3.2 Editor's Pick
April 8, 2018

The Vegan & the Chef—an Impossible Love Story?

“We’re doomed, aren’t we?” I ask over a 20-peso glass of red wine.

“We are doomed,” he agrees and orders another. Each drink comes with a complimentary tapas plate and, although the restaurant is happy to prepare these tiny snacks without animal products, my partner is struggling to accommodate my lifestyle.

He’s a chef.

To me, this means that we have a lot in common. We both spend a large portion of our day preoccupied with thinking about, preparing, and eating food—and talking about fragrances, textures, flavors, and balance.

Unfortunately, to him, my aversion to foods that I don’t eat is a near-deal-breaker quality. He says that he can’t share his biggest passion with me, at least in the way that he wants to. We’ll never be able to share sushi rolls, eggs benedict, or a piece of cheesecake; we’ll never be able to motorbike around Asia together, exploring the street food. He won’t be able to come home from his (hypothetical) job inspired to create new specials and bounce his menu ideas off of me, since I’m disgusted by a lot of what he loves.

At the beginning, things were easy—for me, that is. He majorly adjusted his diet so as to not offend me. When he ate meat, I stayed away. He would brush his teeth before we’d kiss. Things were fine. But I wasn’t the one who changed.

Then one day in Guatemala, my boyfriend killed a bunny.

Feel free to read the gruesome details if you’d like. If not, I’ll summarize. He came home from his farm-to-table restaurant job after something like a 14-hour-long day, with metaphorical (and maybe some actual) blood on his hands, in a moral quandary over what he had done.

And here I was, his loving best friend, unable to empathize. I couldn’t say, “It’s okay dear that you smashed the life out an animal, tore it apart, and cooked it for these privileged tourists to eat.” I couldn’t say, “I know this must be hard on you. I understand.” And I couldn’t just leave it alone, either. In fact, I couldn’t think of anything besides the fact that I was dating a murderer.

I wondered if this made me hypocritical.

We somehow managed to get through this. And then through some time in Mexico when he went out every day by himself to eat el pastor tacos, cow tongues, and other processed animal parts that I’d rather not think about. We managed throughout the next six months in the United States, when I’d leave his butter and cheese dishes dirty on the side of the sink for him to wash on his own with a separate “not vegan” sponge; when we ate out of separate ice cream pints because coconut-based dessert will never be as creamy as real dairy; when he would wander off at the farmer’s market to order grass-fed beef, conceal it in a paper bag in the “not vegan” refrigerator drawer, and cook dinner outside of our house on a camping stove because we agreed no meat in the kitchen. He really did try.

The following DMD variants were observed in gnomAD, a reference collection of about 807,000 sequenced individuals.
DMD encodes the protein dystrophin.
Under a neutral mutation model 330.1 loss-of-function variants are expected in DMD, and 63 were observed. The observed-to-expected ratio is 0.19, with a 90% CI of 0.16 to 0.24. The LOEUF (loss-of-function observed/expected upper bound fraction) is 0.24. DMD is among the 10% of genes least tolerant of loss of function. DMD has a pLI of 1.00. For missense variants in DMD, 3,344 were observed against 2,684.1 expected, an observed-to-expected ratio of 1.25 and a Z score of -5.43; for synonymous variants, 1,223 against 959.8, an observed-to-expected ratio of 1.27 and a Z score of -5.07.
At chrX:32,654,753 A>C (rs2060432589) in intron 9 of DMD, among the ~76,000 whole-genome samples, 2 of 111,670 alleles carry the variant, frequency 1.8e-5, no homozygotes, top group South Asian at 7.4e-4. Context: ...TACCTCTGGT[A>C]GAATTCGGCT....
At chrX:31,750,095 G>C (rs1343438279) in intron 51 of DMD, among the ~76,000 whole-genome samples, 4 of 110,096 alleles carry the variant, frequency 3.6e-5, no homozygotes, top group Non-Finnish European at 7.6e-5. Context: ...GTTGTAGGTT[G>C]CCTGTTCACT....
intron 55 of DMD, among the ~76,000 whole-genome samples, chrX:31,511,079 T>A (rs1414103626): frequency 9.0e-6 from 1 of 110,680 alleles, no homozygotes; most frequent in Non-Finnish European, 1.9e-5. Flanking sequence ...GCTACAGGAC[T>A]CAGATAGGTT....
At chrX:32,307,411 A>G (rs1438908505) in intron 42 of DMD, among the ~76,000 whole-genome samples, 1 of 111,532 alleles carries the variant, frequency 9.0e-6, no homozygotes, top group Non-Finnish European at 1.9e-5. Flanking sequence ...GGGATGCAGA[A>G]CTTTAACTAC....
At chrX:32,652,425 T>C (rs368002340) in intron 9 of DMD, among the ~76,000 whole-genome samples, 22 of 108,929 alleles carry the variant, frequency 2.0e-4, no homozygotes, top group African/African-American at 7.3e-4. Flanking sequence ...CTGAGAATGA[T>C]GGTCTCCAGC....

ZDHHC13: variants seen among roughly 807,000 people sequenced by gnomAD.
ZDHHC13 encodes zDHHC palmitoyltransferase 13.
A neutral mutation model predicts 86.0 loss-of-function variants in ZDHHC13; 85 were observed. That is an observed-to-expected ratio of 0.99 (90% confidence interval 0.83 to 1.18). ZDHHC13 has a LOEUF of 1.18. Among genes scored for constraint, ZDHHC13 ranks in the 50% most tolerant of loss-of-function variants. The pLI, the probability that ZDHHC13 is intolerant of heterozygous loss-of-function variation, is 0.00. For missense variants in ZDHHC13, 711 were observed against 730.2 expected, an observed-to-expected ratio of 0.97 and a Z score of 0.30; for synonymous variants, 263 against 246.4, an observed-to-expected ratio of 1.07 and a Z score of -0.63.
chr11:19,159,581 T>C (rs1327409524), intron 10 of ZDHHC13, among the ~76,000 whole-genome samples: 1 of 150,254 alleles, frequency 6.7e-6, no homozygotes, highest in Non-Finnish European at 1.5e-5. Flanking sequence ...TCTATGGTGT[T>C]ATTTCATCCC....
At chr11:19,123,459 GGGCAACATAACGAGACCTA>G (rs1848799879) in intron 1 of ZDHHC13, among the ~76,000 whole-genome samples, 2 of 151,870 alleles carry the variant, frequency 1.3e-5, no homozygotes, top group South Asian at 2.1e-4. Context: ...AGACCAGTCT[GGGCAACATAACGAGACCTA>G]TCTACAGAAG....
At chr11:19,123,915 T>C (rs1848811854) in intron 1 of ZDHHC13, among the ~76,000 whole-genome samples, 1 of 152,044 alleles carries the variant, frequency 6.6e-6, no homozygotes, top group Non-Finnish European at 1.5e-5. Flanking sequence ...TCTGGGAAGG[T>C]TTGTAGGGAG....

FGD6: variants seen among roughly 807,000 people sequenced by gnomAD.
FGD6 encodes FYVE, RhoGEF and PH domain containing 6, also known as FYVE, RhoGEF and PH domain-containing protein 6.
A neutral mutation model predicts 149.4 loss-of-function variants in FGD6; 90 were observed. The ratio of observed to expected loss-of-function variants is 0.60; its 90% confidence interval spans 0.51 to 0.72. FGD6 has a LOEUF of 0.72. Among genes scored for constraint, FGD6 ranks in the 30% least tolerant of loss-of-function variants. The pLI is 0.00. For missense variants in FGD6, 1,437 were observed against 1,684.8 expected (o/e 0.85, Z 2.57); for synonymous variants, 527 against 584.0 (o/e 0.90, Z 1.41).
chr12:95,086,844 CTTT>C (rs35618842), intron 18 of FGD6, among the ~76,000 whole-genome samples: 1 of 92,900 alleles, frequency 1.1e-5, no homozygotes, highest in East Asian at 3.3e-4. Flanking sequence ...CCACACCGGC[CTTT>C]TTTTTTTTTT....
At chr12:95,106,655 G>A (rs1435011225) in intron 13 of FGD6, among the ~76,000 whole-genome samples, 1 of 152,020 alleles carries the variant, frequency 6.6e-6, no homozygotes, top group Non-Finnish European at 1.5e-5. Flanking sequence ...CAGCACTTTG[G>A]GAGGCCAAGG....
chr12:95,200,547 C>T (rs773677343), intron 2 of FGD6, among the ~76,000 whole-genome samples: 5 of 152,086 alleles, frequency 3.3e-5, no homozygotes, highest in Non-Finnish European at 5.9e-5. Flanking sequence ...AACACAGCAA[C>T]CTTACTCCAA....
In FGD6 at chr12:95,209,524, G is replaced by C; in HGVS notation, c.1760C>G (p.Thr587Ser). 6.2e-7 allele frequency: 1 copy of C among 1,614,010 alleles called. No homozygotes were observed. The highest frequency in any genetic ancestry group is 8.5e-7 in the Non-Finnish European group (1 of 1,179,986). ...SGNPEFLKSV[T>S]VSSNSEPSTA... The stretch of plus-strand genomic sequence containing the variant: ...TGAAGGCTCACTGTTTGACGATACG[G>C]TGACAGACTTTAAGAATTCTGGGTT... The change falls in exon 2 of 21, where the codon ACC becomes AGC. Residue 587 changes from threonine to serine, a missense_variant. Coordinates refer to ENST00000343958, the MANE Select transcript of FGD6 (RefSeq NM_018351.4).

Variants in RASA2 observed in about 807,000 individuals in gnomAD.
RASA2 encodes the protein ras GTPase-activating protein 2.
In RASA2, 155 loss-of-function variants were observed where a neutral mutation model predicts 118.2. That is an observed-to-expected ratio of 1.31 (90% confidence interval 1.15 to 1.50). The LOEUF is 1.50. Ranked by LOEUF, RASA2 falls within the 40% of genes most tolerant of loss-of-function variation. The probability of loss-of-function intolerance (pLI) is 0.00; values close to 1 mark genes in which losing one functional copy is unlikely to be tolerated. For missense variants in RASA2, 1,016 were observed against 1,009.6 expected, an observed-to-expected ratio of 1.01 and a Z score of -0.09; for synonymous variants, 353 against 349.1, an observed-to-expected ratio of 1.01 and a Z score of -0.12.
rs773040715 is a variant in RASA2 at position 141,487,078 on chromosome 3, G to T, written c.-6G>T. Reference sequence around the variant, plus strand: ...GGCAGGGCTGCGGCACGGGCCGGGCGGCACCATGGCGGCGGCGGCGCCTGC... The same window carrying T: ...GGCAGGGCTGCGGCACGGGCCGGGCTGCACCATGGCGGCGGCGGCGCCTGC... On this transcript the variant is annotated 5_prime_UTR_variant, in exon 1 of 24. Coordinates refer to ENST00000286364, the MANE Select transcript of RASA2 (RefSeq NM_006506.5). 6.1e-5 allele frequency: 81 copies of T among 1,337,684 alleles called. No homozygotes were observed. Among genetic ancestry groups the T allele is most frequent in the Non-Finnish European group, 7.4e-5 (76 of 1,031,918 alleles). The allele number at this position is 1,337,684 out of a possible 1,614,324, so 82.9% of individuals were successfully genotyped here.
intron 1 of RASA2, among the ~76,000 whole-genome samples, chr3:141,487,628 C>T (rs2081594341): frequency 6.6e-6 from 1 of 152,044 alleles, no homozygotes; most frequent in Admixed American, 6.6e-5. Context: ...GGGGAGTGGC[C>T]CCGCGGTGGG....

There were several times when I questioned if perhaps I was being ridiculous. How had a small decision about something so insignificant to others as my diet come to affect my entire lifestyle and most of my relationships?

I considered trying to change. Throughout the course of a year, I went from being nauseous from the smell of eggs to learning how to poach one. There were two points last year when I actually ate a (nearly microscopic) bite of egg in hopes that I could change my eating habits to be more adaptable to life’s circumstances. After nearly a decade of actively keeping a diet free of animals and their byproducts, this was a big deal for me.

To me, we were both compromising. To him, the compromise was too much.

I remember being curled up in a fetal position and sobbing my face off after I was dealt the dreaded I don’t think I can do this anymore.

Between hyperventilations, I asked, “Are you breaking up with me because I’m vegan?”

He answered something like, “I know it’s sh*tty, but I think so.”


Five months down the road from the end of our time together, I sit alone in Southeast Asia, experiencing these incredible new foods and flavor combinations—Khmer curries, sticky rices, and an assortment of colors of peppercorns straight from the plant—none of which I can share with my best friend, the chef, because he’s not here. And I begin to wonder:

Shouldn’t it be easier to have a healthy mixed-dietary-philosophy relationship? Is something wrong with me that I can’t passively sit back and watch a loved one act against my values? Am I alone in that I’m so particular about lifestyle preferences that they take over my life, or do others suffer from scenarios so seemingly silly?

A wise man (my vegan sister’s meat-eating-husband’s father) once pointed out to me that, so long as there are lifestyles that we are close-minded to, we’re not as open-minded as we think we are. I shrugged it off at the time, but there really is something to this idea of acceptance.

With the goal of acceptance in mind, the issue then becomes how to find balance living with not-so-typical ethics in the existing world. And it’s here that I’m confounded.

If you can at all relate to this dilemma and have insight to share, I urge you to do so.


Author: Rachel Markowitz
Image: Easters Collective/Unsplash  & Gianna Ciaramello/Unsplash 
Editor: Catherine Monkman
Copy & Social Editor: Nicole Cameron

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